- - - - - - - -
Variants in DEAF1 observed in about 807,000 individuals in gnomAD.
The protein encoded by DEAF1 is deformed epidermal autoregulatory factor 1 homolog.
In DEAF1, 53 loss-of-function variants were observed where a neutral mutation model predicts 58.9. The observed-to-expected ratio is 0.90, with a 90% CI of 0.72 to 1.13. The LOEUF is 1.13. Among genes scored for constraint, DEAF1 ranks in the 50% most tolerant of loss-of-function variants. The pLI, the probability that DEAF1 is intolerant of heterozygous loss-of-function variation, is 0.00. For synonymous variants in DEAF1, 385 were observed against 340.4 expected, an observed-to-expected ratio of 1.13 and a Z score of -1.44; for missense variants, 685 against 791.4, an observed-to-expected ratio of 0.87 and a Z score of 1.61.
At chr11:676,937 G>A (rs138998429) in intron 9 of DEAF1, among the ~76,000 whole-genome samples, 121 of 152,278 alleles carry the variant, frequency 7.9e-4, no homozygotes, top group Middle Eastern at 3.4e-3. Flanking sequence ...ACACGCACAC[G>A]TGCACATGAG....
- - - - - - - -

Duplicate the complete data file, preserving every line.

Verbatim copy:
Variants in DEAF1 observed in about 807,000 individuals in gnomAD.
The protein encoded by DEAF1 is deformed epidermal autoregulatory factor 1 homolog.
In DEAF1, 53 loss-of-function variants were observed where a neutral mutation model predicts 58.9. The observed-to-expected ratio is 0.90, with a 90% CI of 0.72 to 1.13. The LOEUF is 1.13. Among genes scored for constraint, DEAF1 ranks in the 50% most tolerant of loss-of-function variants. The pLI, the probability that DEAF1 is intolerant of heterozygous loss-of-function variation, is 0.00. For synonymous variants in DEAF1, 385 were observed against 340.4 expected, an observed-to-expected ratio of 1.13 and a Z score of -1.44; for missense variants, 685 against 791.4, an observed-to-expected ratio of 0.87 and a Z score of 1.61.
At chr11:676,937 G>A (rs138998429) in intron 9 of DEAF1, among the ~76,000 whole-genome samples, 121 of 152,278 alleles carry the variant, frequency 7.9e-4, no homozygotes, top group Middle Eastern at 3.4e-3. Flanking sequence ...ACACGCACAC[G>A]TGCACATGAG....